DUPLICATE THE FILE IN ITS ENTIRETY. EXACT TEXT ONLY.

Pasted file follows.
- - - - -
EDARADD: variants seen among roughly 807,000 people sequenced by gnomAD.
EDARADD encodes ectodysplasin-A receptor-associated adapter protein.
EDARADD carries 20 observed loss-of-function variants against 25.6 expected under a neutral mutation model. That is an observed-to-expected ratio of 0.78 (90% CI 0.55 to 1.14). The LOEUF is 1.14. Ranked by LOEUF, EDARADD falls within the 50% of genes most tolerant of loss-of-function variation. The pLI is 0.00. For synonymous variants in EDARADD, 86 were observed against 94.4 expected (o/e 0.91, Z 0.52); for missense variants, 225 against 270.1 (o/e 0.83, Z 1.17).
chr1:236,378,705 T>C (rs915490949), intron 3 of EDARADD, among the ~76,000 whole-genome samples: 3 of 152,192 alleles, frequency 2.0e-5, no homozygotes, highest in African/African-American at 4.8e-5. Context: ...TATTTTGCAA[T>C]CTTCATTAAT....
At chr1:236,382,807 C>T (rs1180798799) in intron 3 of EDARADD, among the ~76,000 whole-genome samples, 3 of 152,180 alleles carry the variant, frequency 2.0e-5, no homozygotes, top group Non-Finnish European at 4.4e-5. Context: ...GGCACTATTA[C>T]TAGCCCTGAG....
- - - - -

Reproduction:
EDARADD: variants seen among roughly 807,000 people sequenced by gnomAD.
EDARADD encodes ectodysplasin-A receptor-associated adapter protein.
EDARADD carries 20 observed loss-of-function variants against 25.6 expected under a neutral mutation model. That is an observed-to-expected ratio of 0.78 (90% CI 0.55 to 1.14). The LOEUF is 1.14. Ranked by LOEUF, EDARADD falls within the 50% of genes most tolerant of loss-of-function variation. The pLI is 0.00. For synonymous variants in EDARADD, 86 were observed against 94.4 expected (o/e 0.91, Z 0.52); for missense variants, 225 against 270.1 (o/e 0.83, Z 1.17).
chr1:236,378,705 T>C (rs915490949), intron 3 of EDARADD, among the ~76,000 whole-genome samples: 3 of 152,192 alleles, frequency 2.0e-5, no homozygotes, highest in African/African-American at 4.8e-5. Context: ...TATTTTGCAA[T>C]CTTCATTAAT....
At chr1:236,382,807 C>T (rs1180798799) in intron 3 of EDARADD, among the ~76,000 whole-genome samples, 3 of 152,180 alleles carry the variant, frequency 2.0e-5, no homozygotes, top group Non-Finnish European at 4.4e-5. Context: ...GGCACTATTA[C>T]TAGCCCTGAG....